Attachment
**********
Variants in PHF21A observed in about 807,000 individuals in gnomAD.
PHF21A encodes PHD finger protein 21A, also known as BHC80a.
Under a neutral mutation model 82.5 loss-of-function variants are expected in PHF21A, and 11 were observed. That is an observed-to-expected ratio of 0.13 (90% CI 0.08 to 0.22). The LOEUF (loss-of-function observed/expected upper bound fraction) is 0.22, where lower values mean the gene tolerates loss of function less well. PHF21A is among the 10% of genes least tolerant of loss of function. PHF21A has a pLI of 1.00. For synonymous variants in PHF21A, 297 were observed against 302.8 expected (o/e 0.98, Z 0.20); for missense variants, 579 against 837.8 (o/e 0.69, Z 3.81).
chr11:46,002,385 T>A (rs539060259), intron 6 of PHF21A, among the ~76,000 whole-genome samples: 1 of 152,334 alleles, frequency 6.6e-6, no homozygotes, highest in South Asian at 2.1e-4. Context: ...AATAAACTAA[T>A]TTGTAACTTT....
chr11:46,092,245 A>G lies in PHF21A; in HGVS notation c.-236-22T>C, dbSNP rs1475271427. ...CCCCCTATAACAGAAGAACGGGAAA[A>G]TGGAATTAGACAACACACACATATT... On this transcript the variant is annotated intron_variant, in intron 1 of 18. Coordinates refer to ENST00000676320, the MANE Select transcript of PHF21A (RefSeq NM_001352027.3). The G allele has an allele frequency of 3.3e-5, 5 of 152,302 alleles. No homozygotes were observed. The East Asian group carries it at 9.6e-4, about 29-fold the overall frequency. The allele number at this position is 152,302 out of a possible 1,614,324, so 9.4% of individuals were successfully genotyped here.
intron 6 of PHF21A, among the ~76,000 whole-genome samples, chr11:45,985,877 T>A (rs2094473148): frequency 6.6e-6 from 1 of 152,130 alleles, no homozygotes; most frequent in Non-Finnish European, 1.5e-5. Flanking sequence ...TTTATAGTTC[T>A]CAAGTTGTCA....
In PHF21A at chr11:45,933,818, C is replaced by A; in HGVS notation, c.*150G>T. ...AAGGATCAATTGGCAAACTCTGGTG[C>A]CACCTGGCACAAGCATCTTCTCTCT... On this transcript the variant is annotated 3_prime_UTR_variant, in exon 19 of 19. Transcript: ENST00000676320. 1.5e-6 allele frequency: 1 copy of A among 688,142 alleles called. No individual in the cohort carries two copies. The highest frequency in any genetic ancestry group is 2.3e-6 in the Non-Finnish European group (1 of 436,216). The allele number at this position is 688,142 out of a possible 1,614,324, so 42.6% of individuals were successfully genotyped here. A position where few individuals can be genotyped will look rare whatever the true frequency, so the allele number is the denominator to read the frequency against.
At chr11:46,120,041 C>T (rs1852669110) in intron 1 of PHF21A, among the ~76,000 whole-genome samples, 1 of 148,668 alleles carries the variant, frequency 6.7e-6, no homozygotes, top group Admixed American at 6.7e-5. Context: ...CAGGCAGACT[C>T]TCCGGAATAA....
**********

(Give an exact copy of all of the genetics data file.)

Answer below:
Variants in PHF21A observed in about 807,000 individuals in gnomAD.
PHF21A encodes PHD finger protein 21A, also known as BHC80a.
Under a neutral mutation model 82.5 loss-of-function variants are expected in PHF21A, and 11 were observed. That is an observed-to-expected ratio of 0.13 (90% CI 0.08 to 0.22). The LOEUF (loss-of-function observed/expected upper bound fraction) is 0.22, where lower values mean the gene tolerates loss of function less well. PHF21A is among the 10% of genes least tolerant of loss of function. PHF21A has a pLI of 1.00. For synonymous variants in PHF21A, 297 were observed against 302.8 expected (o/e 0.98, Z 0.20); for missense variants, 579 against 837.8 (o/e 0.69, Z 3.81).
chr11:46,002,385 T>A (rs539060259), intron 6 of PHF21A, among the ~76,000 whole-genome samples: 1 of 152,334 alleles, frequency 6.6e-6, no homozygotes, highest in South Asian at 2.1e-4. Context: ...AATAAACTAA[T>A]TTGTAACTTT....
chr11:46,092,245 A>G lies in PHF21A; in HGVS notation c.-236-22T>C, dbSNP rs1475271427. ...CCCCCTATAACAGAAGAACGGGAAA[A>G]TGGAATTAGACAACACACACATATT... On this transcript the variant is annotated intron_variant, in intron 1 of 18. Coordinates refer to ENST00000676320, the MANE Select transcript of PHF21A (RefSeq NM_001352027.3). The G allele has an allele frequency of 3.3e-5, 5 of 152,302 alleles. No homozygotes were observed. The East Asian group carries it at 9.6e-4, about 29-fold the overall frequency. The allele number at this position is 152,302 out of a possible 1,614,324, so 9.4% of individuals were successfully genotyped here.
intron 6 of PHF21A, among the ~76,000 whole-genome samples, chr11:45,985,877 T>A (rs2094473148): frequency 6.6e-6 from 1 of 152,130 alleles, no homozygotes; most frequent in Non-Finnish European, 1.5e-5. Flanking sequence ...TTTATAGTTC[T>A]CAAGTTGTCA....
In PHF21A at chr11:45,933,818, C is replaced by A; in HGVS notation, c.*150G>T. ...AAGGATCAATTGGCAAACTCTGGTG[C>A]CACCTGGCACAAGCATCTTCTCTCT... On this transcript the variant is annotated 3_prime_UTR_variant, in exon 19 of 19. Transcript: ENST00000676320. 1.5e-6 allele frequency: 1 copy of A among 688,142 alleles called. No individual in the cohort carries two copies. The highest frequency in any genetic ancestry group is 2.3e-6 in the Non-Finnish European group (1 of 436,216). The allele number at this position is 688,142 out of a possible 1,614,324, so 42.6% of individuals were successfully genotyped here. A position where few individuals can be genotyped will look rare whatever the true frequency, so the allele number is the denominator to read the frequency against.
At chr11:46,120,041 C>T (rs1852669110) in intron 1 of PHF21A, among the ~76,000 whole-genome samples, 1 of 148,668 alleles carries the variant, frequency 6.7e-6, no homozygotes, top group Admixed American at 6.7e-5. Context: ...CAGGCAGACT[C>T]TCCGGAATAA....